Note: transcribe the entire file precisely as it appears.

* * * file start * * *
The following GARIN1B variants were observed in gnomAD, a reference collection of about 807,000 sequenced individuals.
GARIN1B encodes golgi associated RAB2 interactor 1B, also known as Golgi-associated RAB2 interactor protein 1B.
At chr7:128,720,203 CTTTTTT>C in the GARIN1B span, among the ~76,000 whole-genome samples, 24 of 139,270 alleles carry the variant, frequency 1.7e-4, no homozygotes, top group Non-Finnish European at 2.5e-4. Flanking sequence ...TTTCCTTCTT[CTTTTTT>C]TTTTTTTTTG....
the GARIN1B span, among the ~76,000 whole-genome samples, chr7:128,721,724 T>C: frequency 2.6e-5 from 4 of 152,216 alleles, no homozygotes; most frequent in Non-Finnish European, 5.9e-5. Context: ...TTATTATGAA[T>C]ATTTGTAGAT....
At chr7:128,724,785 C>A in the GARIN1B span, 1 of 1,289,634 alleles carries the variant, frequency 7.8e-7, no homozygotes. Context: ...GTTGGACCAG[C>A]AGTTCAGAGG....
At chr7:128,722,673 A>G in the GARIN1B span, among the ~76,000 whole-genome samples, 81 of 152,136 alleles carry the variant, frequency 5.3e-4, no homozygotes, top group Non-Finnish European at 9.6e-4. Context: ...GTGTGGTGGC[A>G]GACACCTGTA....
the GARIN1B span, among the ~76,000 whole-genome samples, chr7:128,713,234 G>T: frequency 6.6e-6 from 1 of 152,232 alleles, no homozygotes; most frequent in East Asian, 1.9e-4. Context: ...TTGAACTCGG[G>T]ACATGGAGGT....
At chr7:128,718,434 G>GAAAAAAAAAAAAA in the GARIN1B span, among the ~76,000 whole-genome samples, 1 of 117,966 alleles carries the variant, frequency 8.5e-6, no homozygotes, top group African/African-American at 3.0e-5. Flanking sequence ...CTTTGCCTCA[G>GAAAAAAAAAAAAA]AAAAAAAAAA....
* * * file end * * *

The following GARIN1B variants were observed in gnomAD, a reference collection of about 807,000 sequenced individuals.
GARIN1B encodes golgi associated RAB2 interactor 1B, also known as Golgi-associated RAB2 interactor protein 1B.
At chr7:128,720,203 CTTTTTT>C in the GARIN1B span, among the ~76,000 whole-genome samples, 24 of 139,270 alleles carry the variant, frequency 1.7e-4, no homozygotes, top group Non-Finnish European at 2.5e-4. Flanking sequence ...TTTCCTTCTT[CTTTTTT>C]TTTTTTTTTG....
the GARIN1B span, among the ~76,000 whole-genome samples, chr7:128,721,724 T>C: frequency 2.6e-5 from 4 of 152,216 alleles, no homozygotes; most frequent in Non-Finnish European, 5.9e-5. Context: ...TTATTATGAA[T>C]ATTTGTAGAT....
At chr7:128,724,785 C>A in the GARIN1B span, 1 of 1,289,634 alleles carries the variant, frequency 7.8e-7, no homozygotes. Context: ...GTTGGACCAG[C>A]AGTTCAGAGG....
At chr7:128,722,673 A>G in the GARIN1B span, among the ~76,000 whole-genome samples, 81 of 152,136 alleles carry the variant, frequency 5.3e-4, no homozygotes, top group Non-Finnish European at 9.6e-4. Context: ...GTGTGGTGGC[A>G]GACACCTGTA....
the GARIN1B span, among the ~76,000 whole-genome samples, chr7:128,713,234 G>T: frequency 6.6e-6 from 1 of 152,232 alleles, no homozygotes; most frequent in East Asian, 1.9e-4. Context: ...TTGAACTCGG[G>T]ACATGGAGGT....
At chr7:128,718,434 G>GAAAAAAAAAAAAA in the GARIN1B span, among the ~76,000 whole-genome samples, 1 of 117,966 alleles carries the variant, frequency 8.5e-6, no homozygotes, top group African/African-American at 3.0e-5. Flanking sequence ...CTTTGCCTCA[G>GAAAAAAAAAAAAA]AAAAAAAAAA....